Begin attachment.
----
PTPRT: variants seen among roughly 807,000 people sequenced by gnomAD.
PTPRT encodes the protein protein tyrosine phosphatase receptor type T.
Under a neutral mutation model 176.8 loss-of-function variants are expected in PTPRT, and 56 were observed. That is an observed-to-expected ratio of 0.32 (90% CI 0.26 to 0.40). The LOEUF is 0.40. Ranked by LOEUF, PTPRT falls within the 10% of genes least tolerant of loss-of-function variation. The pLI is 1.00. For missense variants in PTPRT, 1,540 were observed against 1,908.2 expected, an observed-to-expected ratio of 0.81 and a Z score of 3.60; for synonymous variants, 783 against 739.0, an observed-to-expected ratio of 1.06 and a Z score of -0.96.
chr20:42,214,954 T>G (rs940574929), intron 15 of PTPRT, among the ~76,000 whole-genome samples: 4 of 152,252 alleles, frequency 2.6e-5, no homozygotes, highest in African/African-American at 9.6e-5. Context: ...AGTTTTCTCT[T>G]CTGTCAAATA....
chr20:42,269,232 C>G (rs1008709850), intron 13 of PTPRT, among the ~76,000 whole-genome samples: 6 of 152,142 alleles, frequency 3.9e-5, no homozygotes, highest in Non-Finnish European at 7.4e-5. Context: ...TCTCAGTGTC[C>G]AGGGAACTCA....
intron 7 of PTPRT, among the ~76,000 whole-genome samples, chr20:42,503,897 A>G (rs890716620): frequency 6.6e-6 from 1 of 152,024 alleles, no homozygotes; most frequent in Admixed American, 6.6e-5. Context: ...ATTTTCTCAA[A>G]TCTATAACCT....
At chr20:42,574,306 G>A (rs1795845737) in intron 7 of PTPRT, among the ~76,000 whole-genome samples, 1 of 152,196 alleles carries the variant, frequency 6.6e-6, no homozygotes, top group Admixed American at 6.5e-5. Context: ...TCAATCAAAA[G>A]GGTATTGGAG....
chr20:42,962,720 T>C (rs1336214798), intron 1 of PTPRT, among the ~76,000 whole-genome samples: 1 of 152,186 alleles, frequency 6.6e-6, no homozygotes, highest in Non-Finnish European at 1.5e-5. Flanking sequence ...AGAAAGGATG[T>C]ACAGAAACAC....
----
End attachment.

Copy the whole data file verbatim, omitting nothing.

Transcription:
PTPRT: variants seen among roughly 807,000 people sequenced by gnomAD.
PTPRT encodes the protein protein tyrosine phosphatase receptor type T.
Under a neutral mutation model 176.8 loss-of-function variants are expected in PTPRT, and 56 were observed. That is an observed-to-expected ratio of 0.32 (90% CI 0.26 to 0.40). The LOEUF is 0.40. Ranked by LOEUF, PTPRT falls within the 10% of genes least tolerant of loss-of-function variation. The pLI is 1.00. For missense variants in PTPRT, 1,540 were observed against 1,908.2 expected, an observed-to-expected ratio of 0.81 and a Z score of 3.60; for synonymous variants, 783 against 739.0, an observed-to-expected ratio of 1.06 and a Z score of -0.96.
chr20:42,214,954 T>G (rs940574929), intron 15 of PTPRT, among the ~76,000 whole-genome samples: 4 of 152,252 alleles, frequency 2.6e-5, no homozygotes, highest in African/African-American at 9.6e-5. Context: ...AGTTTTCTCT[T>G]CTGTCAAATA....
chr20:42,269,232 C>G (rs1008709850), intron 13 of PTPRT, among the ~76,000 whole-genome samples: 6 of 152,142 alleles, frequency 3.9e-5, no homozygotes, highest in Non-Finnish European at 7.4e-5. Context: ...TCTCAGTGTC[C>G]AGGGAACTCA....
intron 7 of PTPRT, among the ~76,000 whole-genome samples, chr20:42,503,897 A>G (rs890716620): frequency 6.6e-6 from 1 of 152,024 alleles, no homozygotes; most frequent in Admixed American, 6.6e-5. Context: ...ATTTTCTCAA[A>G]TCTATAACCT....
At chr20:42,574,306 G>A (rs1795845737) in intron 7 of PTPRT, among the ~76,000 whole-genome samples, 1 of 152,196 alleles carries the variant, frequency 6.6e-6, no homozygotes, top group Admixed American at 6.5e-5. Context: ...TCAATCAAAA[G>A]GGTATTGGAG....
chr20:42,962,720 T>C (rs1336214798), intron 1 of PTPRT, among the ~76,000 whole-genome samples: 1 of 152,186 alleles, frequency 6.6e-6, no homozygotes, highest in Non-Finnish European at 1.5e-5. Flanking sequence ...AGAAAGGATG[T>C]ACAGAAACAC....